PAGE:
What is their conservation status?

These birds are placed under the Least Concern category of conservation status. It has been recorded that the conservation status of this bird tends to vary within Australia from state to state. In the Victorian Flora and Fauna Guarantee Act (1988), this species has been listed as Threatened but is not protected.

Apostlebird Fun Facts

What do apostlebirds look like?

The plumage of this bird, Struthidea cinerea, is known to be soft and dark gray in color with streaks that are dull gray in color. The tail of this bird is black in color and the wings are brownish in color. The bill of this bird is known to be stout. Males and females of this species are known to be monomorphic in size and also plumage. The color of the iris is known to vary with age and the fledglings tend to have brownish eyes and the yearlings have gray eyes, whereas, adults tend to have gray eyes and a yellow-colored eye-ring. The eye-ring becomes prominent with age.

The color and the bill of this bird are some of its recognizable features.

How cute are they?

These birds are not very colorful and are not considered cute.

How do they communicate?

These birds communicate through calls like contact calls and alarm calls. The apostlebird call can be explained as harsh scratching or scolding calls.

How big is an apostlebird?

The length of this bird is around 11.4-18.5 in (29-47 cm). These birds are quite a bit larger than a rufous hummingbird and quite a bit smaller than a crowned eagle.

How fast can an apostlebird fly?

The flying speed of this bird is not available. This species is known to spend most of its time on the ground and tends to walk or move with a strutting gait and when it is disturbed, it tends to fly from the ground to the nearby branches and produce harsh calls.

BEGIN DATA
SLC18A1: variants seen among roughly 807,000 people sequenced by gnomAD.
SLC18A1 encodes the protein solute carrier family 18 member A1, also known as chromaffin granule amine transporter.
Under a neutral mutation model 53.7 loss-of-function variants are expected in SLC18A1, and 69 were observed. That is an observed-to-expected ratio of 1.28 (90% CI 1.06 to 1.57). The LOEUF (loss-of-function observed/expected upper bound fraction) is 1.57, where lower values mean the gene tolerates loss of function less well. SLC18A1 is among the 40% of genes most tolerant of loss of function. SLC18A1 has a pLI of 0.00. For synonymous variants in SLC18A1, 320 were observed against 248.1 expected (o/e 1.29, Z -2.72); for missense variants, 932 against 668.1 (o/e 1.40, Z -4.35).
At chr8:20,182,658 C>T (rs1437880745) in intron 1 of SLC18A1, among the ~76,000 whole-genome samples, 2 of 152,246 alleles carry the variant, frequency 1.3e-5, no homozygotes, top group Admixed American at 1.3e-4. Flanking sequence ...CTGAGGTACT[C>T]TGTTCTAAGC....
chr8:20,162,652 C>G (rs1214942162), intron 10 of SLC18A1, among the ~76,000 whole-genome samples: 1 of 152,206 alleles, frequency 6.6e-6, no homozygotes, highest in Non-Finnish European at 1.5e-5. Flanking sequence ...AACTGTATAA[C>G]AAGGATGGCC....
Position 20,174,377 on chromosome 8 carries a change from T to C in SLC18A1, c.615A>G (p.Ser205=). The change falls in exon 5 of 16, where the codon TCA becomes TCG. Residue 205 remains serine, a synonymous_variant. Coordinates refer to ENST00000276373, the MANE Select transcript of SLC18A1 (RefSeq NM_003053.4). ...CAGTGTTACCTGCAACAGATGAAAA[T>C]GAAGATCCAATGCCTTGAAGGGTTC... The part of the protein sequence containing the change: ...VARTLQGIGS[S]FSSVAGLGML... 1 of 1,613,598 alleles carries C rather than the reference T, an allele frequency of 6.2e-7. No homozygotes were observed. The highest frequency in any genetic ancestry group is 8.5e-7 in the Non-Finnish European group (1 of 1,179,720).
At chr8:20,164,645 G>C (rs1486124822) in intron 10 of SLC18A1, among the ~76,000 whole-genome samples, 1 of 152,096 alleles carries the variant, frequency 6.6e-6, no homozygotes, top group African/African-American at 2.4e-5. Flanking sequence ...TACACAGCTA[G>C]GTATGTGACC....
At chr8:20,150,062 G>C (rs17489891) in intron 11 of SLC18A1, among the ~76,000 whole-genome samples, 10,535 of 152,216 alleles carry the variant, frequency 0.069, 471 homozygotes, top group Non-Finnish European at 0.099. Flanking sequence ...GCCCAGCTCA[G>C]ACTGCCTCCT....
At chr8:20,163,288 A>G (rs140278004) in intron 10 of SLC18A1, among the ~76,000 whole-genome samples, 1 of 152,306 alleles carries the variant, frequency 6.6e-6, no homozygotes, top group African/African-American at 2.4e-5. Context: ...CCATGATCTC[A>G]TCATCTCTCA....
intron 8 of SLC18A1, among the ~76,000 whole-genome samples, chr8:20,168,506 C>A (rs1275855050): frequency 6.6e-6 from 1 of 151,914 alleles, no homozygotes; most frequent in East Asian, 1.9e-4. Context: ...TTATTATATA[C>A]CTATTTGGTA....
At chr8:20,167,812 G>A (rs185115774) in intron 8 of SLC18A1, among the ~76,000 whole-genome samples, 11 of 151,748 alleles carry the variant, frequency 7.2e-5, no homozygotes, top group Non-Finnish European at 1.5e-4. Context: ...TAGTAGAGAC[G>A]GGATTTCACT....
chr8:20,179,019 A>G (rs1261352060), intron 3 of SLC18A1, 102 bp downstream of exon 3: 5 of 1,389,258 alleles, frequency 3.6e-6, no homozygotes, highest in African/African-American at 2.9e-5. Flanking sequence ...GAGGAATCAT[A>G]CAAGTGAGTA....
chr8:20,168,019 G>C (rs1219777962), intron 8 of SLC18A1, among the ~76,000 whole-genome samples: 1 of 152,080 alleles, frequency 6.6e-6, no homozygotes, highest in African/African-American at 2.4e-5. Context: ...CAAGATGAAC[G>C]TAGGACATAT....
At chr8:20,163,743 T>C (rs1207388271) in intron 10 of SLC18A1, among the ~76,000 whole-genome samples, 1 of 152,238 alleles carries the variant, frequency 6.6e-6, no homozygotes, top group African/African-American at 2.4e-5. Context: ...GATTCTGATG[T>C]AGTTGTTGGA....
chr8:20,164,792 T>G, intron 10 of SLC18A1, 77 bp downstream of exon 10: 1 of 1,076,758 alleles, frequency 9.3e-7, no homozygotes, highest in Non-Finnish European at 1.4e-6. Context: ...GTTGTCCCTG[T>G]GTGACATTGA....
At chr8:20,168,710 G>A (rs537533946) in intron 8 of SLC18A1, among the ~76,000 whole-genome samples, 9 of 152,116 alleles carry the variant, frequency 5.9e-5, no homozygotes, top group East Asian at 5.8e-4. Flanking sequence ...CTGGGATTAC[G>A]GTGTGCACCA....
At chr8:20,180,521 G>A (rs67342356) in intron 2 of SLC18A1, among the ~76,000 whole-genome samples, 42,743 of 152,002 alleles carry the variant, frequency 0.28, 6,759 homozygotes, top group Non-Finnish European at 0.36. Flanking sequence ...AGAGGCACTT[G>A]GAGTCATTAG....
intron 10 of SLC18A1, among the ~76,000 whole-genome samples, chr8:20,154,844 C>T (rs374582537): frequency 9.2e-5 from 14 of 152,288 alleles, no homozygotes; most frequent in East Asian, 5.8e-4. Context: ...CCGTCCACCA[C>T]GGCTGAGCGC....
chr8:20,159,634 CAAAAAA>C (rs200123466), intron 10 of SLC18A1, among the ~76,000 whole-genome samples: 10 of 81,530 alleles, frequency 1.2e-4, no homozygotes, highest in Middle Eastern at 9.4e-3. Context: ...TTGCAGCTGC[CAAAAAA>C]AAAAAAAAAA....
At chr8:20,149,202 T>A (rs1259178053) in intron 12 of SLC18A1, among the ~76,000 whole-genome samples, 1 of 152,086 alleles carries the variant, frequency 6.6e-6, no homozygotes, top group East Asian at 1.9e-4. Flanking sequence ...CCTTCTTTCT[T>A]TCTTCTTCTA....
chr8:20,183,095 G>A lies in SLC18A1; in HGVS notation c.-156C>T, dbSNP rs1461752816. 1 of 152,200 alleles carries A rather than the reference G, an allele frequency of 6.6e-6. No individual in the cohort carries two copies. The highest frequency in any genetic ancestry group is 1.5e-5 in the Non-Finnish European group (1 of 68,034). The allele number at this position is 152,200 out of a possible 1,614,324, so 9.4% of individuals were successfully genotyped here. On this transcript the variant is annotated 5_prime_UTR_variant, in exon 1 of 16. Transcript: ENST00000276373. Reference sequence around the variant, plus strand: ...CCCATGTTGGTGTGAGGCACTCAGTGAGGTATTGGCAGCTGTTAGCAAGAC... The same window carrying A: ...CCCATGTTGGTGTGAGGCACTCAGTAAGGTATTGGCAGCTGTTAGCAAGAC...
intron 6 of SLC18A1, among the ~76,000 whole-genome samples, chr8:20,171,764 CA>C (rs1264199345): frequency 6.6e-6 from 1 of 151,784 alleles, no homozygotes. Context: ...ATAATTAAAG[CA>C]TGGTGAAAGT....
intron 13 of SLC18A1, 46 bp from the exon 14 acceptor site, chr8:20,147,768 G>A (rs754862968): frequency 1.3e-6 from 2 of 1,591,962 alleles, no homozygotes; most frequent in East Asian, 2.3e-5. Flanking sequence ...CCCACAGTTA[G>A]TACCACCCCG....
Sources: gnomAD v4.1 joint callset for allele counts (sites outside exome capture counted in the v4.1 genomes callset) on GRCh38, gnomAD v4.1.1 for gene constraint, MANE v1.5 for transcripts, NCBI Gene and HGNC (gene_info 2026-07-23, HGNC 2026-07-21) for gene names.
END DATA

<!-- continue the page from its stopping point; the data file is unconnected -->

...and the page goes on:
How much does an apostlebird weigh?

The weight of this bird ranges from 3.8-4.5 oz (110-130 g).

What are the male and female names of the species?

Males and females of this bird do not have any particular names and are simply referred to as males and females.

What would you call a baby apostlebird?

A baby of an apostlebird is known as a chick, just like the babies of other birds.

What do they eat?

The apostlebird (Struthidea cinerea) is known to forage on the ground and feeds on seeds and insects. The insects include weevils, grasshoppers, ants, and shield bugs. Insects are consumed during summer and seeds in winter. Occasionally, this species has also been recorded to feed on house mice.

Are they dangerous?

These birds are not considered dangerous.

Would they make a good pet?

Not much information is available or known about the apostlebird as pets.

Did you know...

The apostlebird is also referred to as gray jumper, happy jacks, family birds, and lousy jacks. It is known as lousy jacks because of their extreme louse infestations.

It is believed that the name apostlebird has its roots in the 12 apostles, followers of Jesus Christ. This name is given because these birds tend to live in groups or around 10-12 individuals.

It has been recorded that this bird was originally described by John Gould, an ornithologist in the year 1837.

The specific epithet cinerea in Latin means gray.

It is believed that these birds can be seen quite often, but they are hard to identify, and thus, to spot one, you must look for the eye ring and dull gray streaks on the body.

These species tend to bathe when they go into the water to drink in the summer. It is also known to do anting in order to control ectoparasites like lice and also eat ants. These birds are also known to engage in allopreening and groups of birds preen together or each other.  

Predators of this species include gray-butcherbirds and brown goshawks.

Are apostlebirds native to Australia?

These birds are known to be endemic or native to Australia.

What is a group of apostlebirds called?

A group of apostlebirds is known as a happy family or 12 apostles.

Here at Kidadl, we have carefully created lots of interesting family-friendly animal facts for everyone to discover! Learn more about some other birds from our ivory-billed woodpecker facts and European robin facts pages.

You can even occupy yourself at home by coloring in one of our free printable Apostlebird coloring pages.